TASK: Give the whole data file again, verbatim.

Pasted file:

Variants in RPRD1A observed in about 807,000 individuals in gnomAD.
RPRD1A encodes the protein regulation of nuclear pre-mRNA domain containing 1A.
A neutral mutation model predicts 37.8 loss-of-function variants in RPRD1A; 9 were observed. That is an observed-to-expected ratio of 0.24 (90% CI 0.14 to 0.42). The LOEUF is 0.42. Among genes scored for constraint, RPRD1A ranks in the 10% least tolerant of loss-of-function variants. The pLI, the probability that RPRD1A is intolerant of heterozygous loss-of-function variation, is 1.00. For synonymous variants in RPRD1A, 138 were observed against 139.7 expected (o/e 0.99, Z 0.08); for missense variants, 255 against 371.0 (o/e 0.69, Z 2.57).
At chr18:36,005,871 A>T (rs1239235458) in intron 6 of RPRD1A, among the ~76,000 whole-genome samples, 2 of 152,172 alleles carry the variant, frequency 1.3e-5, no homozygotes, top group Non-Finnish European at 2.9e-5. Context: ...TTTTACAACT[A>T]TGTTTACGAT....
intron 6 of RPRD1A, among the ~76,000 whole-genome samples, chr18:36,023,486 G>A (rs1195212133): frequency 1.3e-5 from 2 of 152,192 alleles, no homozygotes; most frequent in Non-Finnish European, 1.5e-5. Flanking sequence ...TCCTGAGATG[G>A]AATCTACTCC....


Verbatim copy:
Variants in RPRD1A observed in about 807,000 individuals in gnomAD.
RPRD1A encodes the protein regulation of nuclear pre-mRNA domain containing 1A.
A neutral mutation model predicts 37.8 loss-of-function variants in RPRD1A; 9 were observed. That is an observed-to-expected ratio of 0.24 (90% CI 0.14 to 0.42). The LOEUF is 0.42. Among genes scored for constraint, RPRD1A ranks in the 10% least tolerant of loss-of-function variants. The pLI, the probability that RPRD1A is intolerant of heterozygous loss-of-function variation, is 1.00. For synonymous variants in RPRD1A, 138 were observed against 139.7 expected (o/e 0.99, Z 0.08); for missense variants, 255 against 371.0 (o/e 0.69, Z 2.57).
At chr18:36,005,871 A>T (rs1239235458) in intron 6 of RPRD1A, among the ~76,000 whole-genome samples, 2 of 152,172 alleles carry the variant, frequency 1.3e-5, no homozygotes, top group Non-Finnish European at 2.9e-5. Context: ...TTTTACAACT[A>T]TGTTTACGAT....
intron 6 of RPRD1A, among the ~76,000 whole-genome samples, chr18:36,023,486 G>A (rs1195212133): frequency 1.3e-5 from 2 of 152,192 alleles, no homozygotes; most frequent in Non-Finnish European, 1.5e-5. Flanking sequence ...TCCTGAGATG[G>A]AATCTACTCC....